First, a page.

Project Crimson’s work has captured the hearts of thousands of New Zealanders who have given their time and energy to hundreds of community and school projects to help this national icon.

Our Partners

The Tindall Foundation

In 2011 Project Crimson partnered with The Tindall Foundation to deliver Living Legends, our conservation project which saw 170,000 natives planted to celebrate New Zealand’s hosting of the Rugby World Cup.

The Tindall Foundation has been a wonderful supporter of Project Crimson, and we’re thrilled to be working with them again on Trees That Count, a major initiative to plant native trees to mitigate climate change.

Sir Stephen Tindall was the initiator of the Trees That Count programme, which aims to oversee the planting of millions of native trees throughout New Zealand, and Stephen and The Tindall Foundation have provided significant financial and in-kind support to Project Crimson.


Mazda New Zealand

A car company and environmental charity don’t seem the most natural of partners: but Mazda New Zealand has environmental good at the heart of its values. Since 2004, they’ve worked with Project Crimson to generate good outcomes for native planting and local communities.

In 2007, the Mazda Foundation approached Project Crimson searching for just the right project: a hybrid of successful environmental education and meaningful engagement with local communities. Meanwhile, Project Crimson was looking to meet ever-increasing demand for environmental education programmes and needed funding to deliver – the TREEmendous programme was born and delivered for in partnership for 15 years.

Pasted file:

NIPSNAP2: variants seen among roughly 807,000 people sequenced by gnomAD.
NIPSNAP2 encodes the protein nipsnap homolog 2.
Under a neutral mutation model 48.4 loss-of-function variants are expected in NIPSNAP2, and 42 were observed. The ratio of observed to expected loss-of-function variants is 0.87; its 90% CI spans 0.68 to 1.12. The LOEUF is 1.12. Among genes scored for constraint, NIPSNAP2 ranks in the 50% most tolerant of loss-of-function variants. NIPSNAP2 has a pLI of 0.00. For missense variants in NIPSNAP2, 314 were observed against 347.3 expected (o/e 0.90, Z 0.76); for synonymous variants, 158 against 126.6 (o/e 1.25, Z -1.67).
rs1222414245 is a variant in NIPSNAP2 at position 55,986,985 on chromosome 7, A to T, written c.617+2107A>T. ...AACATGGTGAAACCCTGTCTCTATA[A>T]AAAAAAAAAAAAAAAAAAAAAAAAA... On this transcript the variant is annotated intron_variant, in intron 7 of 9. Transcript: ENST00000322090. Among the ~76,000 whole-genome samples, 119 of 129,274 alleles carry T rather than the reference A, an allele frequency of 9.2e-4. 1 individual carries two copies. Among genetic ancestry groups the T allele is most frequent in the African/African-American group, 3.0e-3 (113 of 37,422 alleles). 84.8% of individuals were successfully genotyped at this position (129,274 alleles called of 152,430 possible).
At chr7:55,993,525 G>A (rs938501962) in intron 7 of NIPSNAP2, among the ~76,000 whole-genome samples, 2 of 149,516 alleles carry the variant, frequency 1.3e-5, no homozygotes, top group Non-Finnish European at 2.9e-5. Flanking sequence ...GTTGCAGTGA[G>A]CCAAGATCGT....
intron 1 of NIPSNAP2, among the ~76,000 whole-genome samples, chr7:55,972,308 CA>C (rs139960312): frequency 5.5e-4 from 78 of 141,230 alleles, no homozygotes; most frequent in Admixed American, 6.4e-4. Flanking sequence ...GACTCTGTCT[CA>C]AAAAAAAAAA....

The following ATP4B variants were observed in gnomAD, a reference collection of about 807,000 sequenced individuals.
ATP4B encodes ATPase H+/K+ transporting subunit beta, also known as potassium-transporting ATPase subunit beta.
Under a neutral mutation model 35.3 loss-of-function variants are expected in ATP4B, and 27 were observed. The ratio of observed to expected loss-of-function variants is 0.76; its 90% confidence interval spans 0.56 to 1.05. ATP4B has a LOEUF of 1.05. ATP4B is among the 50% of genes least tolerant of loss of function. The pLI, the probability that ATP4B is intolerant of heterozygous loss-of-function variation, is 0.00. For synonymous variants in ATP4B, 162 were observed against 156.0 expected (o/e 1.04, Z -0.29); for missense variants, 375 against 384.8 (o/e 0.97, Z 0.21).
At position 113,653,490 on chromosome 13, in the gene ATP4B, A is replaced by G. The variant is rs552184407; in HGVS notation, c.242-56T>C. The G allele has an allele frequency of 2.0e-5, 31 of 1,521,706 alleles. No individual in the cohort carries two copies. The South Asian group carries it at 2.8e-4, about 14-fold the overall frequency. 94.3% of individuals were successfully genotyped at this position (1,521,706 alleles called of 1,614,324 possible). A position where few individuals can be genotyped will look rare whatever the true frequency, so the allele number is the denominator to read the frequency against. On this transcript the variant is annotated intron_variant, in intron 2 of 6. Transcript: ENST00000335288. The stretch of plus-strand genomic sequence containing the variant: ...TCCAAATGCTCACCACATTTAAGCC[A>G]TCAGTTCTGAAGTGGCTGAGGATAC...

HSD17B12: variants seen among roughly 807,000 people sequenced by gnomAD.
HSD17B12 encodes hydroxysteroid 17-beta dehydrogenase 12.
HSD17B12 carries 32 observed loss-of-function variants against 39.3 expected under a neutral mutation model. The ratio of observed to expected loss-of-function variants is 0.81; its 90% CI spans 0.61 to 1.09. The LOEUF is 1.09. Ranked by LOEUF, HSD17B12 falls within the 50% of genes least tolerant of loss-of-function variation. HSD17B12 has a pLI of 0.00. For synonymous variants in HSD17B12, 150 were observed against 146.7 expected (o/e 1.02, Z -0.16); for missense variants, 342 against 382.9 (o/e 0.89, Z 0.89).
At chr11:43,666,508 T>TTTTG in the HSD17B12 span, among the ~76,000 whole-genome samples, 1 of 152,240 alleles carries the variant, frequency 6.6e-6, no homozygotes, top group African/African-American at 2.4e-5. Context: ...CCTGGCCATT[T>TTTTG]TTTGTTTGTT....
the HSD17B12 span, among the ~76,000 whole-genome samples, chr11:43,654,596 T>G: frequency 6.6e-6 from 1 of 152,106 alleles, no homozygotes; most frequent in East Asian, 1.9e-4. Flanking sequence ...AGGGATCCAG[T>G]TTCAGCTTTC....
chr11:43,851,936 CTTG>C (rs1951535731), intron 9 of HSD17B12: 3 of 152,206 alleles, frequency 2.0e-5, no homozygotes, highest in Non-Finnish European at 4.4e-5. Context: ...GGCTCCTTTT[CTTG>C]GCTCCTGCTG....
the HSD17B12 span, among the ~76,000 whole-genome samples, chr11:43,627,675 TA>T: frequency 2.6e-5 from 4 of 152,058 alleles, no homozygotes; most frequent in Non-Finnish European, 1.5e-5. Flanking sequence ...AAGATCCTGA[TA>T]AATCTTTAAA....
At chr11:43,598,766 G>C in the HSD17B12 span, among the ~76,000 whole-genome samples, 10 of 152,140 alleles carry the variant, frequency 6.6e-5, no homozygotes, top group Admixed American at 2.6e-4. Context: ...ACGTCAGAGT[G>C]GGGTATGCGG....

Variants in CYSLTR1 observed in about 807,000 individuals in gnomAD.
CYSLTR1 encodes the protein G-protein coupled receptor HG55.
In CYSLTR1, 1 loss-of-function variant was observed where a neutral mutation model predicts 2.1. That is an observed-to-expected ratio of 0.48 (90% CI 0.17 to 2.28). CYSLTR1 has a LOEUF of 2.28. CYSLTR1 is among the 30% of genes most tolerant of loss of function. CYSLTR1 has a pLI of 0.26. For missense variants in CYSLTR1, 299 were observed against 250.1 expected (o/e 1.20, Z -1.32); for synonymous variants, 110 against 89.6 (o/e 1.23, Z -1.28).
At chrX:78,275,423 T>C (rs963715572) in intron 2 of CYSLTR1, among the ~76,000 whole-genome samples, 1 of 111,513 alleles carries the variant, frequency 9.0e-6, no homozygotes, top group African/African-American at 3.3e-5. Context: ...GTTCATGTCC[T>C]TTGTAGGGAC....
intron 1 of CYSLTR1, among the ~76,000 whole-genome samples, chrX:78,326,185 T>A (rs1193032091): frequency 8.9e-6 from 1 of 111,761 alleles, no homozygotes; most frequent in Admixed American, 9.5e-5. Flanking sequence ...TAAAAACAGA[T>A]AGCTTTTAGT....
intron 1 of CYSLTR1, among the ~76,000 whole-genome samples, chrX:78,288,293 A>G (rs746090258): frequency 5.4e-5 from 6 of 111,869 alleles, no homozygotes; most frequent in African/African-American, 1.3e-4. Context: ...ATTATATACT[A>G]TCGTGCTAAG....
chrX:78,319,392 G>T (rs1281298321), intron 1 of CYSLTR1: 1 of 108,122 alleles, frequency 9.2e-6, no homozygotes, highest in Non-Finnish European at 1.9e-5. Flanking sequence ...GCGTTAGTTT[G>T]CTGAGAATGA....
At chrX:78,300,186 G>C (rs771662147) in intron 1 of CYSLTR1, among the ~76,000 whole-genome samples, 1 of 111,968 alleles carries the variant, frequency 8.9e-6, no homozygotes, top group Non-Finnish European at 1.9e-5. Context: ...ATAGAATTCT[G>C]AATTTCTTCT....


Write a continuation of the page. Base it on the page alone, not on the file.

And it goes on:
A new era: Trees That Count

With the Trees That Count online native tree marketplace launching in 2018, Mazda was one of the first major funders to come aboard, and that role continues each year. In addition to their significant funding of native trees, Mazda provides the Trust has two hardworking vehicles which are prominently adorned with our illustration.

Frequently loaded with trees and equipment for community planting events, they are a roving billboard spreading awareness of Trees That Count and give us the opportunity to travel to some remote and very special parts of the country.

Te Uru Rākau

Project Crimson and Te Uru Rākau partnered through the One Billion Trees Programme to significantly scale up our programme, Trees That Count.

Ka huihui tātou ki te whakatō i ngā rākau kotahi piriona.

Together we will plant one billion trees.

The advent of the Government’s One Billion Trees programme in 2018 saw the beginning of a three year partnership between Project Crimson and Te Uru Rākau. We were generously supported with funding to accelerate the Trees That Count programme.